Product Image Switcher Tutorial with jQuery and CSS3

Friday June 3, 2011 Tutorials

I recently needed to build a simple product switcher for an e-commerce site.  Rather than build the interaction right into the site, I decided to come up with a stand alone example of what I needed.

Screenshot of the demo

Demo: http://dabrook.org/examples/labs/product-image-switcher/

The Markup

I won't get into the markup for the entire example, but rather focus on the image switcher part of it.  Since the entire product is wrapped in a article tag, it made sense to use an aside tag for the image switcher.  Here is the code:


<aside class="preview">
	<img alt="Alt title of image" height="220" id="main" src="images/shoe-inside.png" width="300" />
	<nav>
		<a href="images/shoe-inside.png"><img alt="Side of the shoe" height="73" src="images/shoe-inside.png" width="100" /></a>
		<a href="images/shoe-front.png"><img alt="Front of the shoe" height="73" src="images/shoe-front.png" width="91" /></a>		
		<a href="images/shoe-back.png"><img alt="Back of the shoe" height="73" src="images/shoe-back.png" width="91" /></a>		
	</nav>
</aside>

You'll notice that I'm using the same image for the thumbnail and the main image.  Using separate thumbnail images could be easier and faster, but I found using the same image worked fine.

Fallback for no JS

If JavaScript is disabled our navigation will obviously not work.  We could display three full sized images stacked vertically down the left hand side.  Or we could just remove the switcher nav completely.  I went with the second option.  

By setting the entire switcher <nav> to display: none we will just remove nav by default and use jQuery's .show(); function to make the nav display on page load.

The CSS

The styling for the switcher section is pretty simple, with a little CSS3 easing and size transform for a little extra interaction.

img#main {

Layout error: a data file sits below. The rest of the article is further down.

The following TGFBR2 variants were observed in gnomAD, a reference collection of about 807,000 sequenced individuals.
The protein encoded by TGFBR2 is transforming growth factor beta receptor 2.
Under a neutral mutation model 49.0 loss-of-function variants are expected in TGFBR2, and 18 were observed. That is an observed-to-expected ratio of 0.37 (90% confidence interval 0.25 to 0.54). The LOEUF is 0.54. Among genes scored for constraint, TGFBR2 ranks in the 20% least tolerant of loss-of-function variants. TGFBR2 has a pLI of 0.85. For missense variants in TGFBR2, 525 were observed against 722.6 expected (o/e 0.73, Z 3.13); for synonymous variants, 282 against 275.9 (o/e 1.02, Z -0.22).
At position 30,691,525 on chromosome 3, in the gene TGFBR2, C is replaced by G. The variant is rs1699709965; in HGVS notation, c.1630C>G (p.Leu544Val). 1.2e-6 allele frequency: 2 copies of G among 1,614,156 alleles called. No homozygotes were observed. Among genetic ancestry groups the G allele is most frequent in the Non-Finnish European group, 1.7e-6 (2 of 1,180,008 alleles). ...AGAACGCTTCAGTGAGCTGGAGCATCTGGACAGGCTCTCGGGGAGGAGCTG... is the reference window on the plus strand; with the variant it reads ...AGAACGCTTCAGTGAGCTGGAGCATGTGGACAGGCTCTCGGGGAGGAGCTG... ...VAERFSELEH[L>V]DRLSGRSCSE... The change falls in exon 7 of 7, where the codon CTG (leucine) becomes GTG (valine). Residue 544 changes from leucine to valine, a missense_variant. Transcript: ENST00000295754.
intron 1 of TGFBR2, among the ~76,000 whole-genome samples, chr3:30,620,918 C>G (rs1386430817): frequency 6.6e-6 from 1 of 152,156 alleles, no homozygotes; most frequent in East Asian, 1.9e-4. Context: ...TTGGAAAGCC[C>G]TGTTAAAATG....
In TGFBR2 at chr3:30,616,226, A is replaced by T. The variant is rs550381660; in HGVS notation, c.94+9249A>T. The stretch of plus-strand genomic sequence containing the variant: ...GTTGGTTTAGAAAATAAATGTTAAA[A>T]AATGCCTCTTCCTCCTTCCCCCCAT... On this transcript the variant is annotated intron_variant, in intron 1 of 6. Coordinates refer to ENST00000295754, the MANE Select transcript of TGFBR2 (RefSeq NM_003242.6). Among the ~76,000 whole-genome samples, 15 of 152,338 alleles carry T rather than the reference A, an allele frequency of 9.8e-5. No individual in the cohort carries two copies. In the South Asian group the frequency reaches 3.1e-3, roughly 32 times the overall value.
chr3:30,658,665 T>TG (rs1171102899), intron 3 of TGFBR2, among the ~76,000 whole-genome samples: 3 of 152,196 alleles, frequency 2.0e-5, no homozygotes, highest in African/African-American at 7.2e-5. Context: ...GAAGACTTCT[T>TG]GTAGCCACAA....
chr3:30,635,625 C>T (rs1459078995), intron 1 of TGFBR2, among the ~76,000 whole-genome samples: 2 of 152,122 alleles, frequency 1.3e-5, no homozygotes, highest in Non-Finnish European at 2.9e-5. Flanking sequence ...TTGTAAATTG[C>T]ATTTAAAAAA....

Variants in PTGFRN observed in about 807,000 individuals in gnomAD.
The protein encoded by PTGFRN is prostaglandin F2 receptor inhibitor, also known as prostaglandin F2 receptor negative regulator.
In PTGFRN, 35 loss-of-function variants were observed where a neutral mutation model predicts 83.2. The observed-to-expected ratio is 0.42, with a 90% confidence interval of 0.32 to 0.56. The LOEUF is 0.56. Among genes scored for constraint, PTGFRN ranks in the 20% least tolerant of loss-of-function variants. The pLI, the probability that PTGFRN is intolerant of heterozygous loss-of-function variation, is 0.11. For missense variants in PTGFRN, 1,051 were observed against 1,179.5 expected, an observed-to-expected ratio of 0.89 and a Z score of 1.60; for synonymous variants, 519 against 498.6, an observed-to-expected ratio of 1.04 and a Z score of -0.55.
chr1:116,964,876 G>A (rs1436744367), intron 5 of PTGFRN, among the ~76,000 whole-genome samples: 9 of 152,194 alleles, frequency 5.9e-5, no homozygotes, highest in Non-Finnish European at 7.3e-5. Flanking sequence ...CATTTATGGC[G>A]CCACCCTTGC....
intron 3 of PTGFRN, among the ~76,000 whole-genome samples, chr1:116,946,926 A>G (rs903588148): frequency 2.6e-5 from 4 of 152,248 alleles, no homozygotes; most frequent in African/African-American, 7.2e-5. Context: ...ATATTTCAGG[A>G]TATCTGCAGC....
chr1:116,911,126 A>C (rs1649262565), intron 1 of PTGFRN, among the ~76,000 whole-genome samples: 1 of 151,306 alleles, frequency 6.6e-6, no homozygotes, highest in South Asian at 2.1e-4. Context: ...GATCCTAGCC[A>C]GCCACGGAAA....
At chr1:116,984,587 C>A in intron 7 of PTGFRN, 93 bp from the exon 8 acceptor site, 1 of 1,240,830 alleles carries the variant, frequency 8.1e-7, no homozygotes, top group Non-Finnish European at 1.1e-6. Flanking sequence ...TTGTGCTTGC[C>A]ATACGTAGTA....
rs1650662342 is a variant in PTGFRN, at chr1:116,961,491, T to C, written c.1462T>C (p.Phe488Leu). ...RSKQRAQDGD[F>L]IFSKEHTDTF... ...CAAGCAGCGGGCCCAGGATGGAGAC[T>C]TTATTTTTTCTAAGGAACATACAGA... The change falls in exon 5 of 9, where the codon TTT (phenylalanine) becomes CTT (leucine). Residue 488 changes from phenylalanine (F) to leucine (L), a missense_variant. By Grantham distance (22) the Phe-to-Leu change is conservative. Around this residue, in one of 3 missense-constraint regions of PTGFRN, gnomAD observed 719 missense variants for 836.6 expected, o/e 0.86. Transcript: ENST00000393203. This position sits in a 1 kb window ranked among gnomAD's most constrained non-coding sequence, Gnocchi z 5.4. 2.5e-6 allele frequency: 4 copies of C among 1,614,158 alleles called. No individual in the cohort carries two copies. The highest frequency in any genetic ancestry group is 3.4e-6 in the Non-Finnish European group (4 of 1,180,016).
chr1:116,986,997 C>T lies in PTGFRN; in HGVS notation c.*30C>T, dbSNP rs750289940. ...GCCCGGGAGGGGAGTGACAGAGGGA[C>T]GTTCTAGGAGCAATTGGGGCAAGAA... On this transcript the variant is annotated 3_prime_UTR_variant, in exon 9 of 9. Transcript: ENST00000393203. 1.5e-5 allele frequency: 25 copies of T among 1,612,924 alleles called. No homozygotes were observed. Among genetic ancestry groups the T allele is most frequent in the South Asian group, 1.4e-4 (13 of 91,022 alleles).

border: 1px #ccc solid;
	padding: 2px;
	margin: 10px;
}
nav {
	display: none;
	margin: 0 10px;
}
nav a {
	border: 1px #ccc solid;
	padding: 2px 2px 0;
	display: block;
	float: left;
	margin: 2px;
	-webkit-transition: all .3s ease-in-out;
	-moz-transition: all .3s ease-in-out;	
	transition: all .3s ease-in-out;		
}
nav a:first-child {
	margin-left: 0;
}
nav a:hover {
	-webkit-transform: scale(1.1);
	-moz-transform: scale(1.1);	
	transform: scale(1.1);				
}
nav a.active {
	background: #FEFFC0;
	border-color: #ECD95C;
}

The JavaScript

Finally we can add the interaction layer.  At the basic level, what we are going to do is take the href value for the nav image and make it the src value for the main image.

When I had the image switch with no easing or animation, it seemed a little too abrupt. So, I used the jQuery animate() function to fade the previous image to a lower opacity, switch the image, and then fade it back to full opacity.  It isn't the smoothest transition ever, but it will do :)

Here's the JS code:

$(document).ready(function() {
	$("aside.preview nav").show();
	var previewImg = $("img#main");
	$("a:first").addClass("active");
	$("nav a img").click(function(){
		var link = $(this).parent();	
		var linkHref = link.attr("href");			
		var linkAlt = link.attr("alt");			
		if( $(link).hasClass("active") == false)
		{
			$("a").removeClass("active");
			link.addClass("active");											
			$(previewImg).animate({
				opacity: 0.8,
			}, 300, function() {
				previewImg.attr("src", linkHref);
				previewImg.attr("alt", linkAlt);				
				$(this).animate({
					opacity: 1,
					}, 300
				);							
			});			
		}
		return false;
	});
	$("input").click(function(){
		$("p.more").fadeIn("slow");
	})
});

Download

Feel free to use on your own sites if you ever need a product image switcher.  

View the demo or download a .zip